Has your dog ever suffered from an ear infection? Coming from a family of poodle-lovers, I’m definitely raising my hand on this one. They’re pretty common, especially for dogs with floppy ears. No matter how many you may have dealt with though, it’s always a horrible feeling to watch your pooch whimper as she feverously scratches away at her ear. Plus, doggy ear infections are usually stinky, messy, cause redness/swelling, and very frustrating for everyone involved.
In this post, we break down the three types of ear infections, common causes, and ways you can prevent them in the future. The key is prevention!
3 Types Of Ear Infections
There are three types of ear infections in dogs—otitis externa, media, and internal. Each affects a different part of the canine ear. Just as the names imply, otitis externa refers to an infection of the outer or external portion of the ear. Otitis media and internal, refer to infections of the middle and inner ear canal. When not treated early enough, otitis externa can spread into the middle and inner ear canal, leading to a more serious infection.
What Causes An Ear Infection?
There are a few common causes.
- Wax buildup
- Moisture in the ear
- Excess hair
- Allergies – both environmental and food
- Ear mites and fleas
Know Your Dog’s Risk
While any dog can develop an ear infection, some breeds are more susceptible than others. Floppy ear dogs (such as Poodles, Labs, Hounds, Beagles, Spaniels, etc…) top the list. Having that enclosed ear canal creates a perfect moist environment for bacterial and yeast growth. Plus, floppy ears help to trap dirt, debris, and wax buildup.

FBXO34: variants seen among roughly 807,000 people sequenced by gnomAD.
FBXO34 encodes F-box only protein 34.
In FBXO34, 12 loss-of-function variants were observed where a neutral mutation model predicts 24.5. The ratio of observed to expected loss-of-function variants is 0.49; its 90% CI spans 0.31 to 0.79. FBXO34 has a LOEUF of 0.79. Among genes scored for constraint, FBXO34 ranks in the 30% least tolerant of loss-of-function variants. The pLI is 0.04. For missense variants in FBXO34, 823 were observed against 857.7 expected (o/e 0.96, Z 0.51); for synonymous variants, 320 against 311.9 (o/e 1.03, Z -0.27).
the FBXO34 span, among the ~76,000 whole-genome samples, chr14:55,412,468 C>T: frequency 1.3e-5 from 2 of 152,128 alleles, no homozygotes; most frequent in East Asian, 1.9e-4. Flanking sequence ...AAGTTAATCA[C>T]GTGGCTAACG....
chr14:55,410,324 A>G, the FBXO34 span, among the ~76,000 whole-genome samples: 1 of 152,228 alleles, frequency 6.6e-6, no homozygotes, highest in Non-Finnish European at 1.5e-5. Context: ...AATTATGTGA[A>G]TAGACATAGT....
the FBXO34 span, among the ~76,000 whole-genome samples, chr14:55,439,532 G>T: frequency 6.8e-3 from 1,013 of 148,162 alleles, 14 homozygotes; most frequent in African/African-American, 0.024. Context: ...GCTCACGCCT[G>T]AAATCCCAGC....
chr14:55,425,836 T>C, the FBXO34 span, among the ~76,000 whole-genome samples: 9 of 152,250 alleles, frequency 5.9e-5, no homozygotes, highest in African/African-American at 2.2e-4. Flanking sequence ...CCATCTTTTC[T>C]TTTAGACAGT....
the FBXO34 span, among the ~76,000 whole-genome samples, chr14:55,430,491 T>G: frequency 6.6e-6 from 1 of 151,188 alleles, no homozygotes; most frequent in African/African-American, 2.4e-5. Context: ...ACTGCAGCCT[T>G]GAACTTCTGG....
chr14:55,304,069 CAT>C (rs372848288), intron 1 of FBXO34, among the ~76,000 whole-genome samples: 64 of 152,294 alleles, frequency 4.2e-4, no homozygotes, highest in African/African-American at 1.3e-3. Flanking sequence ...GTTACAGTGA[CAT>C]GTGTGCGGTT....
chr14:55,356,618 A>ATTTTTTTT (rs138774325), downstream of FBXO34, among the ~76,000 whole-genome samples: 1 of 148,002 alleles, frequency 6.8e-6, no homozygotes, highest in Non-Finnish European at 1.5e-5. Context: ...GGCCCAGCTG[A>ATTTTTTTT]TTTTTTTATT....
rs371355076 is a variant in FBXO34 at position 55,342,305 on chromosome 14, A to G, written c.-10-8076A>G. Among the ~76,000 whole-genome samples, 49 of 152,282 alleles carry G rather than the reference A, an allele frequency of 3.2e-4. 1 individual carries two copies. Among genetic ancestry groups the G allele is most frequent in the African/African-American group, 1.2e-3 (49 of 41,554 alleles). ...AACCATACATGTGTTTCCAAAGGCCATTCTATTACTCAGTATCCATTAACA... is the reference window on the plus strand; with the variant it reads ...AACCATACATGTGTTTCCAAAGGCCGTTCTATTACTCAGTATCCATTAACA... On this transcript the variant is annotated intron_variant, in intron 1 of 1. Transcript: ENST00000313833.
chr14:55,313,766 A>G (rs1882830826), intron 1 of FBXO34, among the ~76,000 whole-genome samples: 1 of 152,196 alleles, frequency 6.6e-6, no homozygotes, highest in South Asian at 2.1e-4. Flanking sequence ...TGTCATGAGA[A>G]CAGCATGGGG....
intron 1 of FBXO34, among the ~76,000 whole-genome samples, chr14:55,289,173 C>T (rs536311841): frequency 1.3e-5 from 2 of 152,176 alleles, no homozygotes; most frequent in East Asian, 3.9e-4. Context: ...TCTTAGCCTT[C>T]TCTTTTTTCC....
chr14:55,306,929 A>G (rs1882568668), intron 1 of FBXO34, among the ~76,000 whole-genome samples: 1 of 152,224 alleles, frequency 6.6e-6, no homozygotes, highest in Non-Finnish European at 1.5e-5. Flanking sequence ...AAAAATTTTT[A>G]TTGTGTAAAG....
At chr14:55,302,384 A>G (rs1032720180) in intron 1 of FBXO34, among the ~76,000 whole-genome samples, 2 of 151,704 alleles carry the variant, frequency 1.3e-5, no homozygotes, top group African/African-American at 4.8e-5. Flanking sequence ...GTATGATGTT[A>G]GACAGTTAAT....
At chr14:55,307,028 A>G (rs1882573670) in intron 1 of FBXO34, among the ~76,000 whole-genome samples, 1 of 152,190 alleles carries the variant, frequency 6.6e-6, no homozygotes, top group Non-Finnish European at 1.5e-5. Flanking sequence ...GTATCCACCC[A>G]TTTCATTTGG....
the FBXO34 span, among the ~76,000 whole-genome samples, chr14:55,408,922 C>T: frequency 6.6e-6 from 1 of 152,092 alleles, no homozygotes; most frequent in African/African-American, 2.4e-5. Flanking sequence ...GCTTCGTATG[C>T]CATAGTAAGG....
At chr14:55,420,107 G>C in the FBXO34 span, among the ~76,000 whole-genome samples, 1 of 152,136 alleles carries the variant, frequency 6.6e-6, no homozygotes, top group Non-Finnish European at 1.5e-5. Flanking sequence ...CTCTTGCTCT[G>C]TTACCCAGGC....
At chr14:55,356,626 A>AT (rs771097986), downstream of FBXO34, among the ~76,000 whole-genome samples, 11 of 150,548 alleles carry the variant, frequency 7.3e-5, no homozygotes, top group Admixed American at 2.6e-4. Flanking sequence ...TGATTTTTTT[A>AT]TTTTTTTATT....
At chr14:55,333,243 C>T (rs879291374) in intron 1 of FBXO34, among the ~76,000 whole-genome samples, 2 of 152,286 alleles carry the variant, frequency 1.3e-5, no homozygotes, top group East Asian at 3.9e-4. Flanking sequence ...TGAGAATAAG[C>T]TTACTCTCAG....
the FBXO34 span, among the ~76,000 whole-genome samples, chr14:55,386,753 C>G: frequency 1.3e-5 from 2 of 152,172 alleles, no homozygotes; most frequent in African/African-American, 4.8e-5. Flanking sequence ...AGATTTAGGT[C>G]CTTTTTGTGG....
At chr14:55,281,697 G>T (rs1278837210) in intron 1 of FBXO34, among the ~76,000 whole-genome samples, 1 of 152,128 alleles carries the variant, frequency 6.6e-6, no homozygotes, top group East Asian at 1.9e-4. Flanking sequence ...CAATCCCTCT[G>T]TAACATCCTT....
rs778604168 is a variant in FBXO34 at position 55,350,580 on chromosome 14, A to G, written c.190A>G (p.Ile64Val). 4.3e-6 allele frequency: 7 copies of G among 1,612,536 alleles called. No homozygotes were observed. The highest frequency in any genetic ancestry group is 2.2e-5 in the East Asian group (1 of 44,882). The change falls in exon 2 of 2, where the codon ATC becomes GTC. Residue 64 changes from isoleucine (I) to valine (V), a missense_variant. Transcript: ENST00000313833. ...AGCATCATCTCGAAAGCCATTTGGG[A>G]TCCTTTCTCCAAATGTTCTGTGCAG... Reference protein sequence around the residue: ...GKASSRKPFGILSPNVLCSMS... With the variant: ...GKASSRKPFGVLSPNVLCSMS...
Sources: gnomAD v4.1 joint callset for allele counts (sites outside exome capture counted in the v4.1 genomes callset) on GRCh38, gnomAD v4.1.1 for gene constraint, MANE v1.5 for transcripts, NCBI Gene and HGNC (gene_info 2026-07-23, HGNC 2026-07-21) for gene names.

Tips To Prevent An Ear Infection
1. Keep Your Dog’s Ears Dry
Moisture is the perfect breeding ground for bacteria. While you certainly don’t need to stop your water-loving pooch from taking a dip in the pool on a hot summer day, it’s important to dry her ears afterward. The same thing goes for bath time! Use either a cotton wipe or piece of gauze to gently dry the ear flap and around the opening of your dog’s ear canal after exposure to water.
2. Pluck Excess Hair
Have a breed where hair grows inside the ear (like poodles)? Then make sure to pluck it! If not, that excess hair in the outer ear canal will act as a trap for debris and moisture. And you know what that can lead to … infection!
This fine hair is usually easy to pull out with your fingers. But, you can also use a little ear powder and a hemostat. Important Note: Don’t stick the hemostat down into the ear canal because you can cause more harm than good. Just grab the hairs that you can easily see. Think of it like tweezing your eyebrows – grab onto a hair with your hemostat and pluck. Talk to your pooch to keep him calm while you are plucking. I always like to end the session with a treat.
3. Gently Clean Your Dogs Ears Regularly
About a year ago, I interviewed a professional groomer about the proper way to clean doggy ears. Use these steps as your guide:
- Use a soft cotton wipe, cotton ball, or cloth.
- Dampen the wipe with an ear cleaning solution (do not spray directly in the ear).
- Using your index finger and the wipe, gently wipe away ear wax build ups.
- Get into every little crevice, cleaning out all the wax.
- Do not push your finger too deep into the ear, as you may cause damage to the eardrum. Just focus on the surface level of wax.
- Finish with a dry cotton wipe to gently dab away any leftover moisture.
4. Feed A Healthy Diet
According to the American Kennel Club: “About half of dogs with allergic skin disease and 80 percent of dogs with food sensitivities will develop ear inflammation.”
Here at Proud Dog Mom, we’re huge advocates for feeding your dog a healthy diet. That’s why we wrote an entire dog treat cookbook! If possible, limit/avoid processed kibble and foods filled with common allergens. Note: talk to your vet before making any changes to your dog’s diet.
5. Monitor Your Pup’s Ears Regularly
Ideally, your furry friend’s ears should look smooth without any sign of irritation or swelling. They should look dry and also be free of debris. While a slight yeasty smell can be normal (routine ear checks will help you know what’s normal for your dog), it should never be overpowering. If you notice anything otherwise, it’s best to take your pup to the vet for an ear check.